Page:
The Arabic novel […] has not exhibited many of the social themes central to Western modernism [….] Arabic novels have tended to focus more on social conditions experienced within a particular class—whether bourgeois, peasant, or urban—and the relationships among members of the various classes, than on the movement of individuals from one class to another. Within this framework, Arabic experimentalism has focused on exploring ways of reconciling its deeply embedded cultural heritage (turath) with modernity, as well as on a quest for a renewed cultural and historical self-image. (12; emphasis in original)
Even as recently as 2006 Johnson-Davies wrote that
Sex and love, for example, are handled differently in Arabic fiction than in Western fiction, for it should be remembered that Arab society is by and large conservative and conventional, with most marriages arranged, and sex outside of marriage regarded as sinful. When a writer oversteps the bounds as set by society, the work is often banned. (xix)
When scholars do discuss abortion as a topic in modern Arabic literature, the results are minimal. Writing in 1993, M. M. Badawi identified several themes in the literature, collecting them in “pairs of opposites or polarities: for instance, town and country, tradition and modernity, East and West, or Arab and European, freedom and authority, society and the alienated individual” (4). His survey lists only one fictional work which considers abortion, and its brief mention in Suhayl Idris’ The Latin Quarter (1953) suggests that abortion is not a significant part of the plot (16). By 2001 Saad Elkhadem makes no mention of abortion in any of the novels discussed in “The Representation of Women in Early Egyptian Fiction,” a chapter of his study of Egyptian novels. Although Egypt is considered the more literary avant-garde of the Arab nations with a significant literary history in the twentieth century, Elkhadem ends the essay with a reason that may account for the void of such controversial topics:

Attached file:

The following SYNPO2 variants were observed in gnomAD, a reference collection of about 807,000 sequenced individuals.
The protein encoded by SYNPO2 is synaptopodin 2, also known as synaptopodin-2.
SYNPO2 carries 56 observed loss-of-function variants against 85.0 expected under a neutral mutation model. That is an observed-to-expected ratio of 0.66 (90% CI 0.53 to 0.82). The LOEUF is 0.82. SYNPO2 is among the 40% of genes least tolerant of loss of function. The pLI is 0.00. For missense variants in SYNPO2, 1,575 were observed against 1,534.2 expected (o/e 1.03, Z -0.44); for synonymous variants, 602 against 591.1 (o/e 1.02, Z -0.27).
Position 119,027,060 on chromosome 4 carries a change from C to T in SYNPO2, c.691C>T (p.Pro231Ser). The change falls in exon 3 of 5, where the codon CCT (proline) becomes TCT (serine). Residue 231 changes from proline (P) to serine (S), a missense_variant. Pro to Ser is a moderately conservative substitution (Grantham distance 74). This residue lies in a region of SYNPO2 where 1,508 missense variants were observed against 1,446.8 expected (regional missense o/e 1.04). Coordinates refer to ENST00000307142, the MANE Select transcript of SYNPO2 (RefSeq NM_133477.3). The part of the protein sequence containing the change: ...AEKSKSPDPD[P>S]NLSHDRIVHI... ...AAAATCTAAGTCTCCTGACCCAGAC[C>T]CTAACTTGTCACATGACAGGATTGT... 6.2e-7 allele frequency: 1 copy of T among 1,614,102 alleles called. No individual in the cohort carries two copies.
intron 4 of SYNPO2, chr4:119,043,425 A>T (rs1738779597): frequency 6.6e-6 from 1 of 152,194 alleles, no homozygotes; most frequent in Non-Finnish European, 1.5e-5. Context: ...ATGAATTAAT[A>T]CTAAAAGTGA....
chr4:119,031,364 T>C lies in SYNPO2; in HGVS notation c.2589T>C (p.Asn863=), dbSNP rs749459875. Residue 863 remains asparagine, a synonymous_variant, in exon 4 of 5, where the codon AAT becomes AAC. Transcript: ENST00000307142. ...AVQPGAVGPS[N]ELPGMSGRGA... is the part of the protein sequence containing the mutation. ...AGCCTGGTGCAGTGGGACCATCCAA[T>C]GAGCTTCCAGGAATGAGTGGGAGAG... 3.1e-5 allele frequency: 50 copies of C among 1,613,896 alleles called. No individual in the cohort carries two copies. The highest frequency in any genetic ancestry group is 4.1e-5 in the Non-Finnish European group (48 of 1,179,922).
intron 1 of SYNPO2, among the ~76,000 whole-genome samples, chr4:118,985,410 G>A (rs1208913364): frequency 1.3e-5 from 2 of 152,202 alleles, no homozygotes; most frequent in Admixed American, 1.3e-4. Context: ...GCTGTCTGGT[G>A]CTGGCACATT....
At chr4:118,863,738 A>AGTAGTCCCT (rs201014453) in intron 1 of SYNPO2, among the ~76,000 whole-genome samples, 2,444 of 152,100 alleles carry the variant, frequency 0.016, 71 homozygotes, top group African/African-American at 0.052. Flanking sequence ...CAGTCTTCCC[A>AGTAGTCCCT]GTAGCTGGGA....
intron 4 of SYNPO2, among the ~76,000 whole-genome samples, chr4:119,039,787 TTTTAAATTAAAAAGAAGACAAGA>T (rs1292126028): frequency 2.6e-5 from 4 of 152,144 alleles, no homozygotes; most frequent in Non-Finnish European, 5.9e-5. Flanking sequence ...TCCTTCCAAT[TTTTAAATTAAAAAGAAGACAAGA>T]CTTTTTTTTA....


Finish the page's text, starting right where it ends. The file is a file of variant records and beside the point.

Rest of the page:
Egyptian novelist [sic] have, like their European counterparts, often included women in their stories, and some have even put women at the center of their tales. However, the social and religious climate of this Islamic country has imposed certain moral and stylistic restrictions on the authors of this early period [from the late nineteenth century to the 1950s]. Also, the fact that all the writers who have contributed to the rise and development of the Egyptian novel were men has given these works a biased, if not a sexist, attitude. Many of them have chosen non-Egyptian women for the love stories, or have depicted their liberated heroines as misguided women and neurotic creatures, thus reassuring their readers that in spite of the unconventional tales they have just witnessed, they still live in a proper and righteous society. (44)
Analysis of a Representative Work of Fiction on Abortion